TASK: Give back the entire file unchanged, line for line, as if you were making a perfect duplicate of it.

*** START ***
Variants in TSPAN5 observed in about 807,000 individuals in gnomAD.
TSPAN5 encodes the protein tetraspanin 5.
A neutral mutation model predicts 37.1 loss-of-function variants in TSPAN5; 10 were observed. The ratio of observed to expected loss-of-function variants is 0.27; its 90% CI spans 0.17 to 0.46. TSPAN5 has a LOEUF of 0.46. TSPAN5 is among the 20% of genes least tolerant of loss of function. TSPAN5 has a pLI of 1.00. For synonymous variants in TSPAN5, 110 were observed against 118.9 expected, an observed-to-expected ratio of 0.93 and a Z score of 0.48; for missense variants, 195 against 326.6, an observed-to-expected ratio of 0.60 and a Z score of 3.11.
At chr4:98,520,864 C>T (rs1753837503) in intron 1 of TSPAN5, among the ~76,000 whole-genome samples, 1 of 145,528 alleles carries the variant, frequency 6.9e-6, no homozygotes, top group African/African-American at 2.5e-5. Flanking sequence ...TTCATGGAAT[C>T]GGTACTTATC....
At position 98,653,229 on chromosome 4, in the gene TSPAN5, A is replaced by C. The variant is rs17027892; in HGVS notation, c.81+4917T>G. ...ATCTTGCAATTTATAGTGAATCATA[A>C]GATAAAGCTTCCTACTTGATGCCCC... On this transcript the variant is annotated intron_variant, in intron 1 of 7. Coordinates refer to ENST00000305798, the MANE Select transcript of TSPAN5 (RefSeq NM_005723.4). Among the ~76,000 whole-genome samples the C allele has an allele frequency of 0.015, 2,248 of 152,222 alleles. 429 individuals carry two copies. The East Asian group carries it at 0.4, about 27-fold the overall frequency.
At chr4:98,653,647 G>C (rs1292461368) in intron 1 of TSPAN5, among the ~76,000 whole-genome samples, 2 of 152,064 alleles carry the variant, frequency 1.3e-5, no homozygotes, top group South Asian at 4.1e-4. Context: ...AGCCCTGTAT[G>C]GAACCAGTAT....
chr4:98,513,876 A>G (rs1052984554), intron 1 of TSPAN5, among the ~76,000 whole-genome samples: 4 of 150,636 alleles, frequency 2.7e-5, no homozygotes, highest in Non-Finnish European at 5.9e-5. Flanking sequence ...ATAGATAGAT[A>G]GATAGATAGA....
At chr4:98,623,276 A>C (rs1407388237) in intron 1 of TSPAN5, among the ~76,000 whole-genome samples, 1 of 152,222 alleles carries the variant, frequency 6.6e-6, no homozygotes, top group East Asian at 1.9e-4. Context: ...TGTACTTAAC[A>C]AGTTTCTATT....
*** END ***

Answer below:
Variants in TSPAN5 observed in about 807,000 individuals in gnomAD.
TSPAN5 encodes the protein tetraspanin 5.
A neutral mutation model predicts 37.1 loss-of-function variants in TSPAN5; 10 were observed. The ratio of observed to expected loss-of-function variants is 0.27; its 90% CI spans 0.17 to 0.46. TSPAN5 has a LOEUF of 0.46. TSPAN5 is among the 20% of genes least tolerant of loss of function. TSPAN5 has a pLI of 1.00. For synonymous variants in TSPAN5, 110 were observed against 118.9 expected, an observed-to-expected ratio of 0.93 and a Z score of 0.48; for missense variants, 195 against 326.6, an observed-to-expected ratio of 0.60 and a Z score of 3.11.
At chr4:98,520,864 C>T (rs1753837503) in intron 1 of TSPAN5, among the ~76,000 whole-genome samples, 1 of 145,528 alleles carries the variant, frequency 6.9e-6, no homozygotes, top group African/African-American at 2.5e-5. Flanking sequence ...TTCATGGAAT[C>T]GGTACTTATC....
At position 98,653,229 on chromosome 4, in the gene TSPAN5, A is replaced by C. The variant is rs17027892; in HGVS notation, c.81+4917T>G. ...ATCTTGCAATTTATAGTGAATCATA[A>C]GATAAAGCTTCCTACTTGATGCCCC... On this transcript the variant is annotated intron_variant, in intron 1 of 7. Coordinates refer to ENST00000305798, the MANE Select transcript of TSPAN5 (RefSeq NM_005723.4). Among the ~76,000 whole-genome samples the C allele has an allele frequency of 0.015, 2,248 of 152,222 alleles. 429 individuals carry two copies. The East Asian group carries it at 0.4, about 27-fold the overall frequency.
At chr4:98,653,647 G>C (rs1292461368) in intron 1 of TSPAN5, among the ~76,000 whole-genome samples, 2 of 152,064 alleles carry the variant, frequency 1.3e-5, no homozygotes, top group South Asian at 4.1e-4. Context: ...AGCCCTGTAT[G>C]GAACCAGTAT....
chr4:98,513,876 A>G (rs1052984554), intron 1 of TSPAN5, among the ~76,000 whole-genome samples: 4 of 150,636 alleles, frequency 2.7e-5, no homozygotes, highest in Non-Finnish European at 5.9e-5. Flanking sequence ...ATAGATAGAT[A>G]GATAGATAGA....
At chr4:98,623,276 A>C (rs1407388237) in intron 1 of TSPAN5, among the ~76,000 whole-genome samples, 1 of 152,222 alleles carries the variant, frequency 6.6e-6, no homozygotes, top group East Asian at 1.9e-4. Context: ...TGTACTTAAC[A>C]AGTTTCTATT....